Anita Lal is a fourth-generation settler, born and raised in so called ‘British Columbia’ on the traditional territory of Lhtako Dene and Semiahmoo, Katzie and Kwantlen First Nations. Her Biji, Thakuri Kaur Lal, instilled in her the Sikh values of seva, social justice and advocacy from a young age. These values fuel her work as the co-founder of Poetic Justice Foundation where she has been creating impactful and transformative programming, organizing, and activating the South Asian community. Her approach is always inclusive, intersectional, and critical; she draws attention to biases, inequalities and oppressive systems of racism and discrimination. Recently, her work has focused on creating space and dialogue around anti-casteism and the Dalit narrative. Anita strongly believes in giving back to the community and serves on Boards and Advisory Committees such as the South Asian Canadian Legacy Project, the South Asian Studies Institute at the University of the Fraser Valley, and Seva Thrift Society. She also undertakes consulting work for the Royal Academy of Bhangra and Moving Forward Family Services, community-based organizations that work with marginalized people. She is inspired by Dr. Ambedkar’s words: Educate. Agitate. Organize.
Kim Gough is the Learning Program Developer at the Royal BC Museum. She has over 20 years of experience working in museums, heritage sites and interpretation centers. Her work for the Royal BC Museum has included school programs, feature exhibitions, volunteer training, gallery interpretation and the development of a smartphone app. In 2017, Kim earned a Master of Museum Education from UBC, focusing on outreach kits for seniors living in care facilities. Continuing with a focus on outreach and community programming, Kim will develop more opportunities for people who cannot physically visit the museum to explore the collections, learn new skills and encourage dialogue and reflection.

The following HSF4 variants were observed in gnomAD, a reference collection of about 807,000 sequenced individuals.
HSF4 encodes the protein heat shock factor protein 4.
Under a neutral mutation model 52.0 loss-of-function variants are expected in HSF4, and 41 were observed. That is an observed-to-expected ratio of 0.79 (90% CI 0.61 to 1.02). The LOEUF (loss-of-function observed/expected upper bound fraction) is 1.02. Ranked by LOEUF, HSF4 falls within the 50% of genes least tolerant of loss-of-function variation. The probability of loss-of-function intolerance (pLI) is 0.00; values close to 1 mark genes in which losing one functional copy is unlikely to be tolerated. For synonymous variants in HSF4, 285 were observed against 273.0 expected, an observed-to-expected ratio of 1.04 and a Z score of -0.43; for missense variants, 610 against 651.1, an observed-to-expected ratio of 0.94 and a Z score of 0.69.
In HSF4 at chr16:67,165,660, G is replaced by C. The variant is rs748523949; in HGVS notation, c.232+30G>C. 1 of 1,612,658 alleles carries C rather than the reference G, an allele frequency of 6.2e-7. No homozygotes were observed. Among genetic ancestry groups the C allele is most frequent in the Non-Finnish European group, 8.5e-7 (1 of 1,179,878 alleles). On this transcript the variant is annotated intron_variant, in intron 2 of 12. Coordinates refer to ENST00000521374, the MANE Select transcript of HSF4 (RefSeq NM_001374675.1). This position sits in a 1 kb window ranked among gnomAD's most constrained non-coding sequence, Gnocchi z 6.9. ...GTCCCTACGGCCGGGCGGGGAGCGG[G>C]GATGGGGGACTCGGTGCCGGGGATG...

Sharanjit Kaur Sandhra
Sharanjit Kaur Sandhra is the Coordinator at the South Asian Studies Institute at the University of the Fraser Valley, co-curator of exhibits at the Sikh Heritage Museum, located in the National Historic Site Gur Sikh Temple in Abbotsford, BC and a sessional faculty in the Department of History at UFV. She is currently a PhD Candidate in the Department of History at UBC and is interested in looking at the affective experiences of museum visitors through a critical race theory lens. Sharn is passionate about activist work and engagement in the community through academia and museum exhibits.
Janet McDonald joined the Royal BC Museum as a program developer in 1998, after 11 years of wide-ranging experience in exhibition and program work at McGill’s Redpath Museum. She holds an MA in museum studies from University of Leicester, a BA in anthropology and art history from McGill, and has studied applied museum studies, museum exhibition and interpretation at Algonquin College.
Recently retired as Head of Learning, Janet oversaw all public and school programming activities as they related to formal and informal learning programs delivered by full-time staff, seasonal staff, contract workers and volunteers. She worked with museum staff, cooperating societies, outside agencies and organizations and other government departments. In developing programs, she sought to explore and ensure a balance between existing popular programs and innovative initiatives designed to address new educational transformations, community engagement and diverse populations.